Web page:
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  • Author or Editor: R. C. Waldron x
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Summary

Effects of the following treatments on abomasal and duodenal myoelectric activity in yearling cattle were studied: 2 ml of 0.9% sodium chloride solution (nacl); 0.07 mg of bethanechol (bet)/kg of body weight; 0.1 mg of metoclopramide (met)/kg; and 0.07 mg of bethanechol and 0.1 mg of metoclopramide (betmet)/kg. All treatments were administered SC during the early part of phase I of the migrating myoelectric complex. Myoelectric signals were recorded for 4 hours after administration of the treatments from 1 electrode in the antrum and 3 electrodes in the duodenum.

For the antral spike rate (asr), there was no significant difference among treatments during the first hour, but the asr was significantly (P < 0.05) greater during hours 2 to 4 after treatment with betmet, compared with asr. for met alone. The duodenal spike rate (dsr) was significantly (P < 0.05) greater during the first hour after administration of betmet than after the other treatments. After administration of BET, DSR was significantly (P < 0.05) greater than after met or nacl. There was no difference in dsr after met, compared with dsr after nacl. There was no significant difference in dsr among treatments during the second and third hours. The total antegrade propagating spike (tatp) count was greater after administration of betmet in all hours, compared with the other treatments. The ratio of taps to total spikes on the orad-most duodenal electrode was significantly (P < 0.05) greater after betmet during hours 1 and 2.

Free access
in American Journal of Veterinary Research

SUMMARY

The purpose of this study was to compare the thermodilution technique for estimation of cardiac output with the indocyanine green dye dilution technique at flows between 10 and 39 L/min in halothane-anesthetized horses. The estimation of area of dye dilution cardiac output curves was made by using the fore-’n-aft (fa) triangle method. This shorthand technique was compared with logarithmic exponential extrapolation and summation (extrapolated area), using 64 cardiac output curves. Then, 256 simultaneous thermodilution measurements were compared with dye dilution measurements calculated by use of the fa technique. Forty milliliters of iced 0.9% NaCl solution containing 15 mg of indocyanine green dye was used as the indicator. This was delivered in < 1 second to the right atrium, using a power injector. A thermistor positioned in the pulmonary artery detected the thermal indicator. Blood was withdrawn from the carotid artery through a densitometer cuvette to measure the dye concentration. The fa estimations of area were higher than those determined by use of extrapolated area. A multiplicative adjustment of 0.837 was estimated. On average, thermodilution estimates of cardiac output exceeded the adjusted fa determinations. Using a weighted linear regression, we determined the following calibration adjustment: thermal dilution cardiac output/1.048 = indocyanine green dye dilution cardiac output.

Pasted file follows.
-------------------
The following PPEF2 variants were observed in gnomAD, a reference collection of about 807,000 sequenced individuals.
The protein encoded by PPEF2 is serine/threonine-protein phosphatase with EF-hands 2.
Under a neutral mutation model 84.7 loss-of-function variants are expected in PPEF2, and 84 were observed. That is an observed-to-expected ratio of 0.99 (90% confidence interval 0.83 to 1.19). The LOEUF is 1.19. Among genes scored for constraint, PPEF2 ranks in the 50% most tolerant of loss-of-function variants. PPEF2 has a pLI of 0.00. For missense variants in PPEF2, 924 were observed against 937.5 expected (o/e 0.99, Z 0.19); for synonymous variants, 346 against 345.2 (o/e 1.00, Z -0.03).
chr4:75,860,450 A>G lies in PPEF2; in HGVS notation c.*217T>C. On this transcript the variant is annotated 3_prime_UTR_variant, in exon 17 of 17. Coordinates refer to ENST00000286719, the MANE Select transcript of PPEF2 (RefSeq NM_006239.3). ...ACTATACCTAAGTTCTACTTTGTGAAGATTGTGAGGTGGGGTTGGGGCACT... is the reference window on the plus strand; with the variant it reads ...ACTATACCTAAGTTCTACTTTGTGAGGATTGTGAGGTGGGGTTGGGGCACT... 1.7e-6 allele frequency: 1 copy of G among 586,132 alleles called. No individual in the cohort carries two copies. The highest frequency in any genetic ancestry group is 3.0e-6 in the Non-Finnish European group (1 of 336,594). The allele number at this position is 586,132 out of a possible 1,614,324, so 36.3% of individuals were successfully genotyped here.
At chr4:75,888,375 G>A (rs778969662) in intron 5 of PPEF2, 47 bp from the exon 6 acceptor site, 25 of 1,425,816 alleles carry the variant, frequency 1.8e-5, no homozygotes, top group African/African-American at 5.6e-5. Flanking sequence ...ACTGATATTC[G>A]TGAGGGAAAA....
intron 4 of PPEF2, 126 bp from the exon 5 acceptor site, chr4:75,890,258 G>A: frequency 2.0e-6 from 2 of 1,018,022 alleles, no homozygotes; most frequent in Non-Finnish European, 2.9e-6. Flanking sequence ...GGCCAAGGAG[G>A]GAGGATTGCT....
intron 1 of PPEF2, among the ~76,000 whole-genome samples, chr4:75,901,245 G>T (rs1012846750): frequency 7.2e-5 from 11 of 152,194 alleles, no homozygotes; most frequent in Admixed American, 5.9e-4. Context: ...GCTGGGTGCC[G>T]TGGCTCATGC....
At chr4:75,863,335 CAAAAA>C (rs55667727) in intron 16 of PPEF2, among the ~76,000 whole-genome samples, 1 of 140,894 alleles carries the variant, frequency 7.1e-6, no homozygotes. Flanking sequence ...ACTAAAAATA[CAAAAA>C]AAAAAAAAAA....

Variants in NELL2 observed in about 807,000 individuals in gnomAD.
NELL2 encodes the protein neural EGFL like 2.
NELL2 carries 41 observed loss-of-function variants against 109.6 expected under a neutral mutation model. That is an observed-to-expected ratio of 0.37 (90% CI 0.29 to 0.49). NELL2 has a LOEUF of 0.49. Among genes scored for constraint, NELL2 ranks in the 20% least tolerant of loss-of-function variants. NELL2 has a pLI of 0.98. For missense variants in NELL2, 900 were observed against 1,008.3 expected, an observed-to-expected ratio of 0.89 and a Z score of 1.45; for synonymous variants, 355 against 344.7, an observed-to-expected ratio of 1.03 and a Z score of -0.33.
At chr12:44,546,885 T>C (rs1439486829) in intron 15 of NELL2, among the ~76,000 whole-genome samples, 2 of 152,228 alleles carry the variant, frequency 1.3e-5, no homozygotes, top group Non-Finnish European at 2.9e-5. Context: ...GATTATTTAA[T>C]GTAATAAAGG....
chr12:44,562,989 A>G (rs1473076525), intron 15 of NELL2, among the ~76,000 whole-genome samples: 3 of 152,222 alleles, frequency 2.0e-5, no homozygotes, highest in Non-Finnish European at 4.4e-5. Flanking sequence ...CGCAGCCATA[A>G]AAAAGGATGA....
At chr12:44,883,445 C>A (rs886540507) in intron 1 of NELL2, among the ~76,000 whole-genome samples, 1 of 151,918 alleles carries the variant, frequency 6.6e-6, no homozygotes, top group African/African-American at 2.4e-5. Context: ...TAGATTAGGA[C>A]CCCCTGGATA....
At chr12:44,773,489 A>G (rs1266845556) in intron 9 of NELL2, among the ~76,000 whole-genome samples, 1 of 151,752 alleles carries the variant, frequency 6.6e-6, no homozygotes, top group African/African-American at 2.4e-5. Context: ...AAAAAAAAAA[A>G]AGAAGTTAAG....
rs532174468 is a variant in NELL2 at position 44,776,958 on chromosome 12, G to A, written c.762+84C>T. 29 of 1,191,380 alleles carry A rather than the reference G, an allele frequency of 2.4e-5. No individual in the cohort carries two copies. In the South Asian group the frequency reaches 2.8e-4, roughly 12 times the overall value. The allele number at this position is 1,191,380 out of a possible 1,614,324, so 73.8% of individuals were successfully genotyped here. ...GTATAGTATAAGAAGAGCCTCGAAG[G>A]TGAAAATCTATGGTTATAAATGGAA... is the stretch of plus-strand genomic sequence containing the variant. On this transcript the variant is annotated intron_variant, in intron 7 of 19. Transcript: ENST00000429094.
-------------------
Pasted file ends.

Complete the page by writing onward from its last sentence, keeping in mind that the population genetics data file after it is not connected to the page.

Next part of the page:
Free access
in American Journal of Veterinary Research

Summary

Electrodes were surgically implanted at 15-cm intervals in the jejunum and ileum of 4 healthy neonatal calves so that myoelectric activity could be recorded on 2 consecutive days. On the first day, each calf received a control treatment, and myoelectric activity was recorded for 340 minutes. Phase I was recorded for a mean of 175.8 ± 22.8 minutes (51.5%), phase II for 124 ± 27.4 minutes (36.5%), and phase III for 40.3 ± 6 minutes (11.9%). On the second day, each calf was treated with approximately 200 μg of heat-stable enterotoxin (STa) of Escherichia coli orally. All calves developed diarrhea after the administration of STa. Phase I was recorded for a mean of 92.5 ± 42.3 minutes (27.2%), phase II for 227.3 ± 52.5 minutes (66.9%), and phase III for 20.3 ± 11.4 minutes (6.0%). Increase in phase II and decrease in phases I and III after STa administration were significant (P < 0.05). Duration of the migrating myoelectric complex was longer after STa administration (median, 64 minutes), compared with the control treatment (median, 54 minutes). Minute rhythms, recorded on the day of toxin administration, ranged from 49 to 153 minutes. There was no difference between the number of migrating action potential complexes on the control days (range, 1 to 10), compared with those on treatment days (range, 1 to 14).

These findings are suggestive that enterotoxin-induced diarrhea of calves is accompanied by increased total spiking activity and minute rhythms in the distal portion of the jejunum and ileum.

Free access
in American Journal of Veterinary Research